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Trooper Shortage Affects County

By David Howell

WATER VALLEY–A state-wide shortage of highway patrol has left the the county without a dedicated trooper. This means that the trooper normally assigned solely to Yalobusha County must also cover the three surrounding counties as well.
    “Due to a severe manpower shortage, we do not have the luxury of having one trooper per county any longer,” Trooper Joey Miller told the Herald Monday.
    The Department of Public Safety reports the state currently has just over 500 state troopers, but they are divided between the Mississippi Bureau of Investigation, driver services and administration. That leaves around 275 troopers to patrol across the state.
    Sheriff Lance Humphreys said the shortage often delays response time when there is an automobile accident on a highway in the county.
    “Sometimes it can take 45 minutes or an hour for a trooper to get to the scene,” Humphreys said. “Deputies also end up working some of the accidents typically worked by the highway patrol,” Humphreys added.
    As for traffic stops, the sheriff said he has seen very little activity in the county lately.
    “We’ve got some good troopers working the area, they are just spread too thin,” Humphreys explained.    
    But the sheriff said that neighboring counties often get a higher priority when it comes to troopers patrolling.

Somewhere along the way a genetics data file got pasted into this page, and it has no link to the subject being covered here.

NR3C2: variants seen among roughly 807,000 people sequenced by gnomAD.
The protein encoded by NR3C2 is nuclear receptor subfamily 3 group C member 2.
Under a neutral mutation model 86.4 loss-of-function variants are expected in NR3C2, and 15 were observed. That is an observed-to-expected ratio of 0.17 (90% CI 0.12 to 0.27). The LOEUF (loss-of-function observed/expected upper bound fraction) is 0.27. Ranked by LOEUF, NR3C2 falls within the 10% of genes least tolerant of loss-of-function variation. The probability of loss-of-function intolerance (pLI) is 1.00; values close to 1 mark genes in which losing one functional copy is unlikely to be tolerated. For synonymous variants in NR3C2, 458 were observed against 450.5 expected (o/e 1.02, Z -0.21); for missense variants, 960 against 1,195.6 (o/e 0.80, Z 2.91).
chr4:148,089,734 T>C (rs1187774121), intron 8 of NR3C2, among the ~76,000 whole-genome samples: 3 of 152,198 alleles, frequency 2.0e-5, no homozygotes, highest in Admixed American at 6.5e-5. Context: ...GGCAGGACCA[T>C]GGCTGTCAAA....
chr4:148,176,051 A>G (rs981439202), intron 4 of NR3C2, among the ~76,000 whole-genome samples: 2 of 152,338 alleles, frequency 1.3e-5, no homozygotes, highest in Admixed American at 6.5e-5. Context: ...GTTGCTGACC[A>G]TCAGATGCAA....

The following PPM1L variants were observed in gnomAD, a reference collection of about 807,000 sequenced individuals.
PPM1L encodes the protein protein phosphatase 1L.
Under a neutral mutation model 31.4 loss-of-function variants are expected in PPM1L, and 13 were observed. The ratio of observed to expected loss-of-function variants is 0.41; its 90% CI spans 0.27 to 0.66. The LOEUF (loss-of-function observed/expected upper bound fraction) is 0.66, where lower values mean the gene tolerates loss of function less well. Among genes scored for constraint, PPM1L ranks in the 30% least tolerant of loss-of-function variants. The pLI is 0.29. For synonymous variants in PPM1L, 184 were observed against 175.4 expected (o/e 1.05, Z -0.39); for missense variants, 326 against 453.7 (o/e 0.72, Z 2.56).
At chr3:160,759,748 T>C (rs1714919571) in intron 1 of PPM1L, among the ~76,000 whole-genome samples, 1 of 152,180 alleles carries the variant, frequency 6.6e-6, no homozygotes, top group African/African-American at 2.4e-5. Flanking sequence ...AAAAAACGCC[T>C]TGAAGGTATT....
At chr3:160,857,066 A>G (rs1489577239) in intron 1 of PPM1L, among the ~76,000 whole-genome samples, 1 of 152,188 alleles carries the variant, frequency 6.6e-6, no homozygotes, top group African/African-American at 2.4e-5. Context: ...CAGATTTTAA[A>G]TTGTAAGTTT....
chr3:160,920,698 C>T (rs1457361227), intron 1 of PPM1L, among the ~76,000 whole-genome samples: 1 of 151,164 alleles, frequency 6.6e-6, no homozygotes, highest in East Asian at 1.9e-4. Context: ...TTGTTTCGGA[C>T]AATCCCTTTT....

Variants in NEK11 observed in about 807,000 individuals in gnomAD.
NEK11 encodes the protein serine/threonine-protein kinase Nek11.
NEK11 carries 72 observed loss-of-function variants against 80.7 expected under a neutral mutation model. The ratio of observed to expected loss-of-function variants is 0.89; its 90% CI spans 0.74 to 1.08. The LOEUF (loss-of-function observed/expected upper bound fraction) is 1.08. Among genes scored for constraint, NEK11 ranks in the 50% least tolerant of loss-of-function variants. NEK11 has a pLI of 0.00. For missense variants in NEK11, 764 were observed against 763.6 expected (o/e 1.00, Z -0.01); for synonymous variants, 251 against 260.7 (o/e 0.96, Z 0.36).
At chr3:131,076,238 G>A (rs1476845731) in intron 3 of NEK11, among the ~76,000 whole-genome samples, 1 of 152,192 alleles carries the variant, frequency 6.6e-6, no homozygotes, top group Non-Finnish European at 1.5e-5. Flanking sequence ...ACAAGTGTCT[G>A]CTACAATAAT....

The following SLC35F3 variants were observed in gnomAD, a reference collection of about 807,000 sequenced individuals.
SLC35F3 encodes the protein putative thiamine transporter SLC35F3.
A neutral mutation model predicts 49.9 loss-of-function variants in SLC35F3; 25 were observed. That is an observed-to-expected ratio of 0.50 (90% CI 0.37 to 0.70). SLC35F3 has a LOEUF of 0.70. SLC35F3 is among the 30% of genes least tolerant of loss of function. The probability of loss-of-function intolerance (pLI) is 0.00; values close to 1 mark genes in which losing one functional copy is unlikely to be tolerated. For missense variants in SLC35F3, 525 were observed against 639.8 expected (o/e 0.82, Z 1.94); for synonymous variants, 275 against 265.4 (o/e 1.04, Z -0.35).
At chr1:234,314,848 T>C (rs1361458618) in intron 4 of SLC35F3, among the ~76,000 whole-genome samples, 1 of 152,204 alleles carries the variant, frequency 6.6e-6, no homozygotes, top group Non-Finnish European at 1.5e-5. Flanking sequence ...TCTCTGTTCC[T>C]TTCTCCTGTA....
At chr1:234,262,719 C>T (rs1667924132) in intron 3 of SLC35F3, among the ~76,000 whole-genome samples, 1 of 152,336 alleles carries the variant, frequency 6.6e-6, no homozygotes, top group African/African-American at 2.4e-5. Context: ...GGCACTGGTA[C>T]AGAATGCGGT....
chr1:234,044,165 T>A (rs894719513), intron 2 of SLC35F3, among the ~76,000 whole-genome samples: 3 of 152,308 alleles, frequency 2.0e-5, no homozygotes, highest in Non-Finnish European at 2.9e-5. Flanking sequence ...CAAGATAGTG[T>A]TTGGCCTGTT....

“It seems like Yalobusha County is at the bottom of the list and I am tired of it,” Humphreys said.
    The sheriff also acknowledged that nobody wants to get ticketed.
    “But it may be your life they are saving when they are out patrolling. When you get out on the highway and folks are passing you going 80 or 90 miles per hour there is a problem,” he said.
    State law does not allow deputies to run radar in Mississippi to combat speeders
    Miller said what’s needed is a funding for a patrol school which would put new troopers on the highway. The last patrol school in the state was held in Mississippi back in 2011.
    Even with the school, which could be funded during the 2014 legislative session, Miller said it would take at least a year for the new troopers to impact the workload.
    “We will continue to enforce the laws of Mississippi and work the accidents on state and federal highways despite the shortage,” Miller added. “We are doing everything we can to ensure the shortage doesn’t affect public safety in Yalobusha County,” reported Miller.

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